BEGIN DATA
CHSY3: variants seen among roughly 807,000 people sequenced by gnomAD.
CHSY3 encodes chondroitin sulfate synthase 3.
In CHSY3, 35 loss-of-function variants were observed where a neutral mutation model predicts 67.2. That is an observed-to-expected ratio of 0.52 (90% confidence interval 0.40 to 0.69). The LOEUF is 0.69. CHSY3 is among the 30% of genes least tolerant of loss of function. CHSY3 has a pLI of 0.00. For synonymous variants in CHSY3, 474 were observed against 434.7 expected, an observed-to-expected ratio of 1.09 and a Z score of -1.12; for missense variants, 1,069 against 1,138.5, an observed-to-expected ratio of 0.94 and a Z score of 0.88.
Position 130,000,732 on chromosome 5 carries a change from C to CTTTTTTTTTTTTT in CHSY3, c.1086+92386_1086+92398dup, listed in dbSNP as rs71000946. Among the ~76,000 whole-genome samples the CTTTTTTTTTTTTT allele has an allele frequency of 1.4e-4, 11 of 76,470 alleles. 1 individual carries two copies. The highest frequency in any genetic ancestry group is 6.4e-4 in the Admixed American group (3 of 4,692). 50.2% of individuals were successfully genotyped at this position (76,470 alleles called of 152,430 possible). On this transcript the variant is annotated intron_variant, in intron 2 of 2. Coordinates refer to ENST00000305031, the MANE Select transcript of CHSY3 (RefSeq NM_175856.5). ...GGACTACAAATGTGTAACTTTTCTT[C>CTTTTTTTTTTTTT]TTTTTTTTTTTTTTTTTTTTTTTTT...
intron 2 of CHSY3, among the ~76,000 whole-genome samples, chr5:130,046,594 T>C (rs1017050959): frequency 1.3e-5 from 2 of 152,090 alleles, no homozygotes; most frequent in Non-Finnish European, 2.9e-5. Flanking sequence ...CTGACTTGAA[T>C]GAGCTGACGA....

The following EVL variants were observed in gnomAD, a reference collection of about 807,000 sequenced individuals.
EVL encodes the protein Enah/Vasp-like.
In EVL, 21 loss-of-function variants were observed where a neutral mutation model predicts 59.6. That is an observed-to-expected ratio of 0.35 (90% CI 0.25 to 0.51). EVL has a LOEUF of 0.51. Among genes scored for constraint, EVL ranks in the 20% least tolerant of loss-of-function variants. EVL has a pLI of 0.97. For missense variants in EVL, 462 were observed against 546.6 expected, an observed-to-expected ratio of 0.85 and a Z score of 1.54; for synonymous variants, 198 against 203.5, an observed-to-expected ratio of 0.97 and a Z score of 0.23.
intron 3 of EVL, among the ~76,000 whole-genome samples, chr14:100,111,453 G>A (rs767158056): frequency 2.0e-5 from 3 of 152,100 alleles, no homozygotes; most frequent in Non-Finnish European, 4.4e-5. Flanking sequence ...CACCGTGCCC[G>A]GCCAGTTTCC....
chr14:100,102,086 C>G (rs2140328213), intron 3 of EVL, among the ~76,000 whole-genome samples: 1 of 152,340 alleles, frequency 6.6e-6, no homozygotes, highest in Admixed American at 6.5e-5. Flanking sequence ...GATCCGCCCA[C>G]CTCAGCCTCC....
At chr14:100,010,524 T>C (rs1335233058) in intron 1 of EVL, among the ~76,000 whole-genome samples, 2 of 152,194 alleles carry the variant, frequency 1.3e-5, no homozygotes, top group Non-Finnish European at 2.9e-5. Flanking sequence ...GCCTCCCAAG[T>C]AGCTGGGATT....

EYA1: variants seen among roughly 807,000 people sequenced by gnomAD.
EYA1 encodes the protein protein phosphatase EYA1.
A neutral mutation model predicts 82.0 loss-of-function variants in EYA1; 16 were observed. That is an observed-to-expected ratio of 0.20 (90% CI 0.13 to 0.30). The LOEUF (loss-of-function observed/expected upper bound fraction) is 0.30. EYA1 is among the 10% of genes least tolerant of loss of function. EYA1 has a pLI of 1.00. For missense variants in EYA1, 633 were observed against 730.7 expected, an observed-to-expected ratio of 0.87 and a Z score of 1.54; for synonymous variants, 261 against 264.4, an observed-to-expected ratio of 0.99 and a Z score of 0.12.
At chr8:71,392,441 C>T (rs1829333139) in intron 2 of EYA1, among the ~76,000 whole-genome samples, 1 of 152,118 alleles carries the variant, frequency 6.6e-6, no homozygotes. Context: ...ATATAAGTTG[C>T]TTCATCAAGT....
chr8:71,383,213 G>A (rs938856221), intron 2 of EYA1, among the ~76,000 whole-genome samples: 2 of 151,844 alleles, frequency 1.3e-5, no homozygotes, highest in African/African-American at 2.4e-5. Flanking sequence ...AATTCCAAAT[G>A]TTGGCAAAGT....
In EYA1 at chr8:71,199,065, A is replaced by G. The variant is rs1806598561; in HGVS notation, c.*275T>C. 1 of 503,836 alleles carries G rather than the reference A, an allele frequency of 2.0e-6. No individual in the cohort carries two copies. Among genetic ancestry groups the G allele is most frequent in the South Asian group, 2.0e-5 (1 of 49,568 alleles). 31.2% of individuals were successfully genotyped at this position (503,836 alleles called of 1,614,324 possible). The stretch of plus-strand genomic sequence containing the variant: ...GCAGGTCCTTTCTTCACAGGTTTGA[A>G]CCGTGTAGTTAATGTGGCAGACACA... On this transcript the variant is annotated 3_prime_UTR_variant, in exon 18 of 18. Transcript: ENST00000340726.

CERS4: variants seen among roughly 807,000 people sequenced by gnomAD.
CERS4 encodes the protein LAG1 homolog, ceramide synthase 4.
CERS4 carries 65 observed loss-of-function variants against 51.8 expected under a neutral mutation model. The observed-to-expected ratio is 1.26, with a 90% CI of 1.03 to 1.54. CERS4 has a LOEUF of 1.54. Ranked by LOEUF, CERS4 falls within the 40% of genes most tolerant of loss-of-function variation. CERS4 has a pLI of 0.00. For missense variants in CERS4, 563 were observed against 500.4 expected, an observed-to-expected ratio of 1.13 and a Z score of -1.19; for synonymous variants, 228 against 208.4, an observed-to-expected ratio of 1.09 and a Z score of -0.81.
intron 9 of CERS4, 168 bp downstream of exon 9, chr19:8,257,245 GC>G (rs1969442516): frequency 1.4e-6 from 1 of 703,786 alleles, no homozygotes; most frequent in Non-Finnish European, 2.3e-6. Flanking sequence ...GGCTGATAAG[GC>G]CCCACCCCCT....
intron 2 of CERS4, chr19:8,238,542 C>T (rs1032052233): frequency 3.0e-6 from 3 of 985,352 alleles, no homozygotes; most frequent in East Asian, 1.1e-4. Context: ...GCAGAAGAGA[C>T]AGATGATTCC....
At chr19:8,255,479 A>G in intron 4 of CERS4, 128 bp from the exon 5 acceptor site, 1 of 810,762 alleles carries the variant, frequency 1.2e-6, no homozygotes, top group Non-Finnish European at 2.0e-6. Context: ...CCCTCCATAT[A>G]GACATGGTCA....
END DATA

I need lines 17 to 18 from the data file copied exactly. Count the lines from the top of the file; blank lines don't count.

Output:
In EYA1 at chr8:71,199,065, A is replaced by G. The variant is rs1806598561; in HGVS notation, c.*275T>C. 1 of 503,836 alleles carries G rather than the reference A, an allele frequency of 2.0e-6. No individual in the cohort carries two copies. Among genetic ancestry groups the G allele is most frequent in the South Asian group, 2.0e-5 (1 of 49,568 alleles). 31.2% of individuals were successfully genotyped at this position (503,836 alleles called of 1,614,324 possible). The stretch of plus-strand genomic sequence containing the variant: ...GCAGGTCCTTTCTTCACAGGTTTGA[A>G]CCGTGTAGTTAATGTGGCAGACACA... On this transcript the variant is annotated 3_prime_UTR_variant, in exon 18 of 18. Transcript: ENST00000340726.

CERS4: variants seen among roughly 807,000 people sequenced by gnomAD.